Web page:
Sometime in the not to distant future—
Carter Hartley, CEO of the largest pharmaceutical research company on the West Coast
skimmed over the last page of the electronic report and tossed the data pad onto his desk. The
pad slid across the polished, antique rosewood and came to a stop scant inches from the far edge
of the huge desk. “I don’t see how they can blame us for any of this,” he said to the other man in
Hudson Clarke stood silently, lost in thought with his back to the desk, gazing out of floor
to ceiling windows at the city, sixty-two floors below him. When he finally spoke, it was softly,
as if he was speaking only to himself. “Do you know how many people in the world could care
less about our petty problems?”
“What?” Carter asked, not understanding how the question pertained to the report.
“Damn near all of them,” Hudson replied, still speaking softly. “And yet, do you have
any idea how many people in the world are going to become frantic to be involved with this
project when the results of that report become widely known?” he asked. “Damn near all of
them,” Hudson answered his own question after a short pause.
Carter sighed, but didn’t say anything else. He was used to his friend and partner’s
peculiar mood swings and found that if he just ignored Clarke’s unusual verbal meanderings, he
would eventually come back down to earth.
True to form, after a few more minutes of silent contemplation, Hudson turned from
the window and moved over the plop his lanky frame down in one of the heavy upholstered
chairs that faced the desk. “You missed the whole point of the report, Carter,” he began, as if no
time had passed since Hartley had finished reading the report.
“Explain it to me.”
“You’ve heard of California’s giant redwoods, haven’t you?” Clarke asked from behind his
long, steepled fingers.
“Of course I’ve heard of them,” Carter stated. Though his offices were only a few hours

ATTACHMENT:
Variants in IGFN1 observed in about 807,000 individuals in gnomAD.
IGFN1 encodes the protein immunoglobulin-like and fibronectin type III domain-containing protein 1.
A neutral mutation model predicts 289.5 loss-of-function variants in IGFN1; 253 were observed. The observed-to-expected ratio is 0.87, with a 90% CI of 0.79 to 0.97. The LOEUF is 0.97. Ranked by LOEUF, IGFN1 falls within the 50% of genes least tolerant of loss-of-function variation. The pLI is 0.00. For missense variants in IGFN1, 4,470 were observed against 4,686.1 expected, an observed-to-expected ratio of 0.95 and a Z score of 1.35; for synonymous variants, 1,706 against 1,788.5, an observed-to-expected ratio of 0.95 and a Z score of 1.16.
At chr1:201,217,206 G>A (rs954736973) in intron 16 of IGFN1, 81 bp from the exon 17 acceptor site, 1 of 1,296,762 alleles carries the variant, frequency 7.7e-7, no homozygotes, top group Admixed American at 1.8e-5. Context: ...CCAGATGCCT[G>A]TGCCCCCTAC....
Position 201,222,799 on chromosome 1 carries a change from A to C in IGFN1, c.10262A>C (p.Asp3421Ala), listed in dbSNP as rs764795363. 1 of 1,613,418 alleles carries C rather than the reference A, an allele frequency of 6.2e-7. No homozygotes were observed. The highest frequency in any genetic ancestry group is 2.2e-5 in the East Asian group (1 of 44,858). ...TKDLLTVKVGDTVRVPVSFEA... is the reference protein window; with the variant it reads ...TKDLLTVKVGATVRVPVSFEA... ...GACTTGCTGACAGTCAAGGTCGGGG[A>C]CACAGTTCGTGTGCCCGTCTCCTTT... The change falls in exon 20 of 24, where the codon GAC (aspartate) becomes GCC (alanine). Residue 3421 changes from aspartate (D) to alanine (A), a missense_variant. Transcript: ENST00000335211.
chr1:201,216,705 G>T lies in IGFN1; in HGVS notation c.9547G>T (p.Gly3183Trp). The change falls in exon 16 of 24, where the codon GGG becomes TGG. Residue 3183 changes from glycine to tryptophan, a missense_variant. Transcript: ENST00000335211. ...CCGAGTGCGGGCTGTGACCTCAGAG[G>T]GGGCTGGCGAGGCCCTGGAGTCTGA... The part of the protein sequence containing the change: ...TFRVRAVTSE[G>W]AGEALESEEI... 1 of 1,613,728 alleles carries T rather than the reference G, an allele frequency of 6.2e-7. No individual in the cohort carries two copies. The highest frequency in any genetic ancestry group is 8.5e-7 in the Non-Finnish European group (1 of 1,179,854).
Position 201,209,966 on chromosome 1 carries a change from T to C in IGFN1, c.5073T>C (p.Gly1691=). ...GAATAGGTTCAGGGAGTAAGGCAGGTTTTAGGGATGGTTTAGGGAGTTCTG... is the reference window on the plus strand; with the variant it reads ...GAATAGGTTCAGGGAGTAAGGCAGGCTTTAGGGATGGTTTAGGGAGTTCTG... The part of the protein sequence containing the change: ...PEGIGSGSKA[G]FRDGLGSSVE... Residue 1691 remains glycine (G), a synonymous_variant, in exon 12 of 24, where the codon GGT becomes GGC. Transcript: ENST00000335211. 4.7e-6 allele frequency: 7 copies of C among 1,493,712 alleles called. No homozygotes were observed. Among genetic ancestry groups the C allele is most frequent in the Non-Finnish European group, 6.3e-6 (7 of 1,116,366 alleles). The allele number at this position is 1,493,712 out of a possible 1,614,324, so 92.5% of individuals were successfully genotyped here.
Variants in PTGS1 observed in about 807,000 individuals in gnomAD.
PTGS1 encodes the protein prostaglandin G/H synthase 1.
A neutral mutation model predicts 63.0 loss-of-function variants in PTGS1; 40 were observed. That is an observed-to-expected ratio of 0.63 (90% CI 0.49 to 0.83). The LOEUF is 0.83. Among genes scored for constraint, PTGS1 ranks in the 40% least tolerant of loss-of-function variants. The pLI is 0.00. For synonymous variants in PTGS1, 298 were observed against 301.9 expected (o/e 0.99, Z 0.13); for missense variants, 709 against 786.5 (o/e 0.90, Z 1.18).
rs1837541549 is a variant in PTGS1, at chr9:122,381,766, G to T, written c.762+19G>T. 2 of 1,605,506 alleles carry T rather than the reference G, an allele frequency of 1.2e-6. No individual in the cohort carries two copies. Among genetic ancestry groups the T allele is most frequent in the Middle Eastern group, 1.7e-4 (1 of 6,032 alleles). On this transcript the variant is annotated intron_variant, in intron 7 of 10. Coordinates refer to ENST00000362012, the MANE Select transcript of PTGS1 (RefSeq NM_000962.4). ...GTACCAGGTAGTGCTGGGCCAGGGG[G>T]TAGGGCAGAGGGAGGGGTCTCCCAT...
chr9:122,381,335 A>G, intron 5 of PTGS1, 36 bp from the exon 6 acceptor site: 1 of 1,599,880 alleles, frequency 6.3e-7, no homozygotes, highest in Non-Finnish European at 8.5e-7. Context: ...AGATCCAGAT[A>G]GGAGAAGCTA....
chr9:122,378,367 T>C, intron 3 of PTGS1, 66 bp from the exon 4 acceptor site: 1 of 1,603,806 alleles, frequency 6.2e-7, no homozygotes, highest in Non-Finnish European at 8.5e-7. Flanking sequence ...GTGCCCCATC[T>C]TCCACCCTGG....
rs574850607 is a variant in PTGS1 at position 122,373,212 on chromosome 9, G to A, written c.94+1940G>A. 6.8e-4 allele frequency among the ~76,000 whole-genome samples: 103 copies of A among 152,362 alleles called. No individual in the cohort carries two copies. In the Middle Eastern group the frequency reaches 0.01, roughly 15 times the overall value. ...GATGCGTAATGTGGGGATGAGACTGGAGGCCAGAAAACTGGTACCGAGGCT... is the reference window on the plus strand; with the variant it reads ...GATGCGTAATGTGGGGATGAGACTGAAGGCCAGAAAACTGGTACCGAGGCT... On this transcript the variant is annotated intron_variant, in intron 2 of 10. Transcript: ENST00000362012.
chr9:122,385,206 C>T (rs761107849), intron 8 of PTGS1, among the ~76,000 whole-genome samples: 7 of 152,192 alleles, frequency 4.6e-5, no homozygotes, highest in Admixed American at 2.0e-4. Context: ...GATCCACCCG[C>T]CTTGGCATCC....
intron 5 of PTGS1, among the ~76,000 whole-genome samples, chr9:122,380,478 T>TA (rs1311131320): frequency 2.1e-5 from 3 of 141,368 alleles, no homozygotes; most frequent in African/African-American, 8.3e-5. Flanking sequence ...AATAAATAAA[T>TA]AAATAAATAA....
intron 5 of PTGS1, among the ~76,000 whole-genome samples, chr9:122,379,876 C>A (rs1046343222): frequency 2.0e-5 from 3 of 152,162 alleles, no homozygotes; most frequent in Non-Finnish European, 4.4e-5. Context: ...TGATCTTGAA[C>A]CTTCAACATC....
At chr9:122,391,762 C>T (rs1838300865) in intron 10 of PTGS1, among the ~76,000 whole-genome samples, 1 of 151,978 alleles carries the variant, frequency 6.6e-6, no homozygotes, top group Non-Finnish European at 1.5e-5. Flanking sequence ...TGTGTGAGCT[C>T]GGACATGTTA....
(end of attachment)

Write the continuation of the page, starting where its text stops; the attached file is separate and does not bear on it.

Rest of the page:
from the very trees Hudson was talking about, Hartley had never taken the time to visit the forest
of huge, ancient trees. His business had always kept him too busy to take time off for any sort of
vacation, let alone one that would take him away from the creature comforts he had become so
used to. “What about them?”
Now it was Clarke’s turn to sigh. Deeply. “It was in the report, Carter,” he said, trying
not to sound too exasperated. “Some of those trees live to be over two thousand years old.”
Carter seemed unimpressed, so Hudson continued. “About twenty years ago, a geneticist in
Northern California discovered the gene in the Sequoias that slowed down cell degeneration. It
appeared that it was this gene that helped the trees live as long as they do.”
Now Hudson detected a gleam in Carter’s eye. He must have realized that there might be some
way to make a profit from this information, but Clarke plowed ahead with his story before Carter
could sidetrack him.
“While that discovery was considered a breakthrough in some scientific circles, nothing was
done with it at the time and after a while it was just filed away and essentially forgotten about,
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